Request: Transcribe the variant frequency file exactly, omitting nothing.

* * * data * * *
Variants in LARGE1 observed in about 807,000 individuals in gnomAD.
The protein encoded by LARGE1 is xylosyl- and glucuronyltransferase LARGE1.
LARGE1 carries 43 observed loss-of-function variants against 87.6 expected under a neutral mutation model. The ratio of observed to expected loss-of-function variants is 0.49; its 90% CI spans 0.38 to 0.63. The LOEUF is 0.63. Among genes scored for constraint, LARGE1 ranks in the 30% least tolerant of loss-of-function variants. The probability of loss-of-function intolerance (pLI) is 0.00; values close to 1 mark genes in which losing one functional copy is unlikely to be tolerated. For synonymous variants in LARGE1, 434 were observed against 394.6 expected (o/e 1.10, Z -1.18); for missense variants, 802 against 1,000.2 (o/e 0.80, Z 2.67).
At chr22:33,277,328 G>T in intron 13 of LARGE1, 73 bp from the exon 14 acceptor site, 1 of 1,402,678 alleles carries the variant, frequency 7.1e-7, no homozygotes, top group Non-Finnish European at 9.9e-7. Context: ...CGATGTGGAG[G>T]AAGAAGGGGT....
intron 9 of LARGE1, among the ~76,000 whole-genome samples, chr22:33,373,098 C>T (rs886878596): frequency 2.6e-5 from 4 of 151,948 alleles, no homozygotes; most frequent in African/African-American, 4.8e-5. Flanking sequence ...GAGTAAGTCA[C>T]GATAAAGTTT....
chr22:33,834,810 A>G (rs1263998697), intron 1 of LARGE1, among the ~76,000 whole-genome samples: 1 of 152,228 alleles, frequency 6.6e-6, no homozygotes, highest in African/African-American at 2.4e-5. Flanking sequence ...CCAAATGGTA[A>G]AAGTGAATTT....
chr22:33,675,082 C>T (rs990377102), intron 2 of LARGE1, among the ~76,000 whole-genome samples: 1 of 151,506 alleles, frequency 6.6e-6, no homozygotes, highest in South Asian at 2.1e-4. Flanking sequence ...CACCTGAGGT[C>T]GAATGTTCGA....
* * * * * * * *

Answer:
Variants in LARGE1 observed in about 807,000 individuals in gnomAD.
The protein encoded by LARGE1 is xylosyl- and glucuronyltransferase LARGE1.
LARGE1 carries 43 observed loss-of-function variants against 87.6 expected under a neutral mutation model. The ratio of observed to expected loss-of-function variants is 0.49; its 90% CI spans 0.38 to 0.63. The LOEUF is 0.63. Among genes scored for constraint, LARGE1 ranks in the 30% least tolerant of loss-of-function variants. The probability of loss-of-function intolerance (pLI) is 0.00; values close to 1 mark genes in which losing one functional copy is unlikely to be tolerated. For synonymous variants in LARGE1, 434 were observed against 394.6 expected (o/e 1.10, Z -1.18); for missense variants, 802 against 1,000.2 (o/e 0.80, Z 2.67).
At chr22:33,277,328 G>T in intron 13 of LARGE1, 73 bp from the exon 14 acceptor site, 1 of 1,402,678 alleles carries the variant, frequency 7.1e-7, no homozygotes, top group Non-Finnish European at 9.9e-7. Context: ...CGATGTGGAG[G>T]AAGAAGGGGT....
intron 9 of LARGE1, among the ~76,000 whole-genome samples, chr22:33,373,098 C>T (rs886878596): frequency 2.6e-5 from 4 of 151,948 alleles, no homozygotes; most frequent in African/African-American, 4.8e-5. Flanking sequence ...GAGTAAGTCA[C>T]GATAAAGTTT....
chr22:33,834,810 A>G (rs1263998697), intron 1 of LARGE1, among the ~76,000 whole-genome samples: 1 of 152,228 alleles, frequency 6.6e-6, no homozygotes, highest in African/African-American at 2.4e-5. Flanking sequence ...CCAAATGGTA[A>G]AAGTGAATTT....
chr22:33,675,082 C>T (rs990377102), intron 2 of LARGE1, among the ~76,000 whole-genome samples: 1 of 151,506 alleles, frequency 6.6e-6, no homozygotes, highest in South Asian at 2.1e-4. Flanking sequence ...CACCTGAGGT[C>T]GAATGTTCGA....